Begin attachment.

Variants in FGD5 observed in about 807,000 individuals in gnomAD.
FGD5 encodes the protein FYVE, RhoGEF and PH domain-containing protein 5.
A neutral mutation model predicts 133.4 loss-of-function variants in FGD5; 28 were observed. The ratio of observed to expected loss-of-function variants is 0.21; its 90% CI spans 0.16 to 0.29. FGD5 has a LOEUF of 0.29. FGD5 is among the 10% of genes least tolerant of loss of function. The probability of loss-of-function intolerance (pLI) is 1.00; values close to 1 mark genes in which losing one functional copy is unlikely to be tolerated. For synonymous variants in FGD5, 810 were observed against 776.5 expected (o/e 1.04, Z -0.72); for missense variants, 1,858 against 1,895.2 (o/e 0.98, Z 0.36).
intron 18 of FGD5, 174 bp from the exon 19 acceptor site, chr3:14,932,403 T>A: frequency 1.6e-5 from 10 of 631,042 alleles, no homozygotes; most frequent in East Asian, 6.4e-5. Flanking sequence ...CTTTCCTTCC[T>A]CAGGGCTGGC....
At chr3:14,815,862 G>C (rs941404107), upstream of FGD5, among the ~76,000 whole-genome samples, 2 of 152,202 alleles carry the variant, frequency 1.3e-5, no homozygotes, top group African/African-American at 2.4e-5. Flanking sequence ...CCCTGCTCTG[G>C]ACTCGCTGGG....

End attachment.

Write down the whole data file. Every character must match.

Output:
Variants in FGD5 observed in about 807,000 individuals in gnomAD.
FGD5 encodes the protein FYVE, RhoGEF and PH domain-containing protein 5.
A neutral mutation model predicts 133.4 loss-of-function variants in FGD5; 28 were observed. The ratio of observed to expected loss-of-function variants is 0.21; its 90% CI spans 0.16 to 0.29. FGD5 has a LOEUF of 0.29. FGD5 is among the 10% of genes least tolerant of loss of function. The probability of loss-of-function intolerance (pLI) is 1.00; values close to 1 mark genes in which losing one functional copy is unlikely to be tolerated. For synonymous variants in FGD5, 810 were observed against 776.5 expected (o/e 1.04, Z -0.72); for missense variants, 1,858 against 1,895.2 (o/e 0.98, Z 0.36).
intron 18 of FGD5, 174 bp from the exon 19 acceptor site, chr3:14,932,403 T>A: frequency 1.6e-5 from 10 of 631,042 alleles, no homozygotes; most frequent in East Asian, 6.4e-5. Flanking sequence ...CTTTCCTTCC[T>A]CAGGGCTGGC....
At chr3:14,815,862 G>C (rs941404107), upstream of FGD5, among the ~76,000 whole-genome samples, 2 of 152,202 alleles carry the variant, frequency 1.3e-5, no homozygotes, top group African/African-American at 2.4e-5. Flanking sequence ...CCCTGCTCTG[G>C]ACTCGCTGGG....